Sharon Williams, age 39 plus twin toddlers, was making a fresh start. At 8:24, Freddy was already 250 miles behind them and with any luck there would be at least a hundred more before he sobered up enough to notice they were gone. She was confident he would never think to look for them in Dallas; there was no way he could have found the letter from her old roommate that had offered a glimpse of a different future. If he bothered to look anywhere she figured he would go to their hometown, but she had lost all connection to Little Rock when her parents died. Dallas offered a new life. Who knew if she would get any more chances? Sharon stifled a yawn and drained the last of the convenience store coffee, and with her head tilted back she did not notice that the 18-wheeler ahead of her was rapidly turning its tires into smoke.


“Hold it, Fate! You’re WAY out of line with this one. Are you kidding me? She is TOTALLY on my side of the board. Call off your goon right now, or every alcoholic this side of Vegas will experience such a moment of clarity that they will never even be TEMPTED to drink again!”

Fate sighed, let out a shrill whistle and carelessly waved his hand. Time turned off his treadmill and took a break. Death, who had been hiding inside the trailer, appeared on its roof with a disappointed look on his face. His expression contrasted with the pure terror currently etched into Sharon’s face, frozen in the moment where she saw her imminent doom. Fate smiled. Free Will had intervened just late enough that the outcome was no longer a sure thing, but even he had been caught napping when Fate scared a deer – a deer! – over the fence and onto the highway. A brilliant move if he did say so himself. It would be interesting to see how this one played out.

“Fine, Will. Have it your way. This one’s all yours, but oops! Looks like you’ve got your work cut out for you to get the lady and her kids out of this in one piece.”

Will stormed out of Sharon’s beat-up Chevy and glared at Fate with furious eyes. “Are you out of your mind? I’m going to have to get her Ladyship involved to fix this, and you KNOW how much paperwork that means. For both of us.”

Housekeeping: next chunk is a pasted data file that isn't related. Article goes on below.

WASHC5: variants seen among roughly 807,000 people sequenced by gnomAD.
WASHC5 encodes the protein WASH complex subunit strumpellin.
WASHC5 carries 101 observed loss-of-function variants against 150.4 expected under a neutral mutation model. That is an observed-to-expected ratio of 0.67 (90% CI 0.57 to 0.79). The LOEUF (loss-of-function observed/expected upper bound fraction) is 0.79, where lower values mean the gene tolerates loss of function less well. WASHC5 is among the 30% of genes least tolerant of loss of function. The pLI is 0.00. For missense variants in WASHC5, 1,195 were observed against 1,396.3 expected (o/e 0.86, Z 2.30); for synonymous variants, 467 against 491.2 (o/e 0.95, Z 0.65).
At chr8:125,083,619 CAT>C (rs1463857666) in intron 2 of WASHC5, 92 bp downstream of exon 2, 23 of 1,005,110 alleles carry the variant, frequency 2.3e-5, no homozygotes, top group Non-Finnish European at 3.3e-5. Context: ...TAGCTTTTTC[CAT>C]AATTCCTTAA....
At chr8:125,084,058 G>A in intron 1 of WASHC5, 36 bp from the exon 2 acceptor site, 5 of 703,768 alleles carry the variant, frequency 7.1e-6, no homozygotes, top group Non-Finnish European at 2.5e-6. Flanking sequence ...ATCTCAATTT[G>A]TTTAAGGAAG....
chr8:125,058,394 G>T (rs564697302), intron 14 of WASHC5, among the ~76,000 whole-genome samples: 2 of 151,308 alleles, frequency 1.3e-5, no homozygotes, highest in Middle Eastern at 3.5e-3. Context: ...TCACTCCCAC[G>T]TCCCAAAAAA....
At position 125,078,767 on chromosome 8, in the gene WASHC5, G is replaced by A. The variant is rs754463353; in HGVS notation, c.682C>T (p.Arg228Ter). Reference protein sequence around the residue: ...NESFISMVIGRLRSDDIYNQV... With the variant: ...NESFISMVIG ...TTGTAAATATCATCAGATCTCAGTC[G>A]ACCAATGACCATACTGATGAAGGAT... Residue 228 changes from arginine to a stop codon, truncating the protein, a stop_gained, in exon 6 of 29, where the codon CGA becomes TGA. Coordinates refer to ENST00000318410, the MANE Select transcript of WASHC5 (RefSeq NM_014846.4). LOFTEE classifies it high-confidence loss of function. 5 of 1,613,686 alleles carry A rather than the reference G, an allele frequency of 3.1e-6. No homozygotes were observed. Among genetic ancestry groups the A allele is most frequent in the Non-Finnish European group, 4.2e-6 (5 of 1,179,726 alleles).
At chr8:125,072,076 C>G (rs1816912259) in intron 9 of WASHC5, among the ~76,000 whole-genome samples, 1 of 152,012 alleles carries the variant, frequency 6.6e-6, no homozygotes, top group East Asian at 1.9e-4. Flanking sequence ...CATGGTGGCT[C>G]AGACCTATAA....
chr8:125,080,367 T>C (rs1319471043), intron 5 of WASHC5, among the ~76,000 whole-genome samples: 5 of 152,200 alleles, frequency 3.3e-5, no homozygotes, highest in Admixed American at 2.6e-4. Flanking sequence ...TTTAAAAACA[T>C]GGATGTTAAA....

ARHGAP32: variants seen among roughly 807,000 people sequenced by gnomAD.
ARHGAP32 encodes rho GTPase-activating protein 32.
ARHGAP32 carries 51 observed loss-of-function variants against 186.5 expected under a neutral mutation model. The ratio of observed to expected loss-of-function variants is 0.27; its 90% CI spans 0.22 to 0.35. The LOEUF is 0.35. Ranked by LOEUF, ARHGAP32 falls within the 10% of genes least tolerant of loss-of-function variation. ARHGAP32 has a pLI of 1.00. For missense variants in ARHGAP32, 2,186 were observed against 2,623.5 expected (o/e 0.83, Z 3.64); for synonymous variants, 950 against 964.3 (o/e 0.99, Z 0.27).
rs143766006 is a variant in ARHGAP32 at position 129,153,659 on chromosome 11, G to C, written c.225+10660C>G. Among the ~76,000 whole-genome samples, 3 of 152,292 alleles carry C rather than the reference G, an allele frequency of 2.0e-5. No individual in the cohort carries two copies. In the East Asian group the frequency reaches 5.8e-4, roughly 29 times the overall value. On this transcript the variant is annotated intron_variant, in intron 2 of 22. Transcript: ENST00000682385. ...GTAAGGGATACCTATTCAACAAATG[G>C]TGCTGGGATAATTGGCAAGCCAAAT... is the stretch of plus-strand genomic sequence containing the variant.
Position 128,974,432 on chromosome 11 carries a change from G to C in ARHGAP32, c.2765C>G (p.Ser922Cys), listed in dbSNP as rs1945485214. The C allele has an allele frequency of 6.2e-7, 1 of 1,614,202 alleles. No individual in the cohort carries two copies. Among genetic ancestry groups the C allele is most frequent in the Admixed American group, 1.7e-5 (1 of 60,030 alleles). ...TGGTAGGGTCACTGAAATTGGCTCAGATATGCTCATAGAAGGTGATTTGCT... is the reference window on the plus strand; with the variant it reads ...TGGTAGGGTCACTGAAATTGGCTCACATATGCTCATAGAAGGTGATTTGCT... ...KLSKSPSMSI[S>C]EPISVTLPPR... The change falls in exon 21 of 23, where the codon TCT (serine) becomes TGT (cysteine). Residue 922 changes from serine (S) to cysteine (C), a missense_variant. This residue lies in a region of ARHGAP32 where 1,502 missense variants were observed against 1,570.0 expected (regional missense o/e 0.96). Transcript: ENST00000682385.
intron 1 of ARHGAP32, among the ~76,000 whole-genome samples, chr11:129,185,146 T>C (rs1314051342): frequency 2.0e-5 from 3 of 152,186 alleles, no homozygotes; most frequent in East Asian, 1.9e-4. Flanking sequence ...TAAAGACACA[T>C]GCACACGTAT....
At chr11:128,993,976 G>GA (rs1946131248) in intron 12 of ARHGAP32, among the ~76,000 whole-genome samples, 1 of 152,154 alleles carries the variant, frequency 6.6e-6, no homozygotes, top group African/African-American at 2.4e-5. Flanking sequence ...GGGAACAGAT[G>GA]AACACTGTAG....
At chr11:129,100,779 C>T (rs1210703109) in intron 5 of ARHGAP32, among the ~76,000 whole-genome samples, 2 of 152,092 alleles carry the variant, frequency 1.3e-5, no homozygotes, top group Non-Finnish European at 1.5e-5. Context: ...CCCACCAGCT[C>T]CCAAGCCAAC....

Fate shrugged. “Less hassle if you just leave her to me.” Will’s scowl got even darker in response. “Whatever. Let’s go see Lady Luck, then.”


In person, the Commissioner of Providence was not nearly as glamorous as her public persona. She was only of average height, with dirty blonde hair and a few suggestions of crows’ feet around her pale blue eyes. Her mouth, pursed tightly with disapproval any time Fate was nearby, belied her legendary smile. Frankly, Fate didn’t get her mystique at all, and often wondered what back-room deals she had made to get the job. His life had certainly been easier before she arrived on the scene.

Naturally Lady Luck’s office was in Las Vegas. Fate and Free Will found her drumming her fingers on the felt of a craps table, staring irritably at the dice that were suspended in midair before her.

“You certainly took your time getting here, gentlemen,” she said. “Who has Fate tried to kill now?”

Fate tried on an injured expression. “Why do you always assume it’s me? Just moments ago, Free Willie threatened to make a move on my drunkards!”

“Spare me. Need I remind you that the Providence Department was established because you blatantly and repeatedly made end-runs around Free Will by sending Death after anyone who refused to accept their Fate?”

Fate rolled his eyes. Maybe one day she might add some variation to the lecture.

“You-” Luck turned her attention to Will “-explain.”

When Will concluded with the hopeful turn in Sharon’s story, Luck shook her head. Fate was such a … oh, she could almost scream!

“Okay, you two. Will, have you already filled out a Luck Request Form on behalf of Sharon and her sons? You have? Excellent. Fate, I won’t even both asking. Just have a Censure Acknowledgment Affidavit on my desk by tomorrow. In triplicate.”

“Triplicate? What the-”

“Triplicate. Don’t make me censure you a second time. Now get Time back on his treadmill so I can watch Timmy’s face here when he rolls his third 12 in a row!”

“You know, there’s something …”

“Do it. Now,” said Lady Luck, with a hint of menace in her voice. Fate wasn’t convinced that she had anything to back it up, but then again, he hadn’t been able to prevent her from getting the job. He shrugged and waved his hand again. Time climbed back on the treadmill.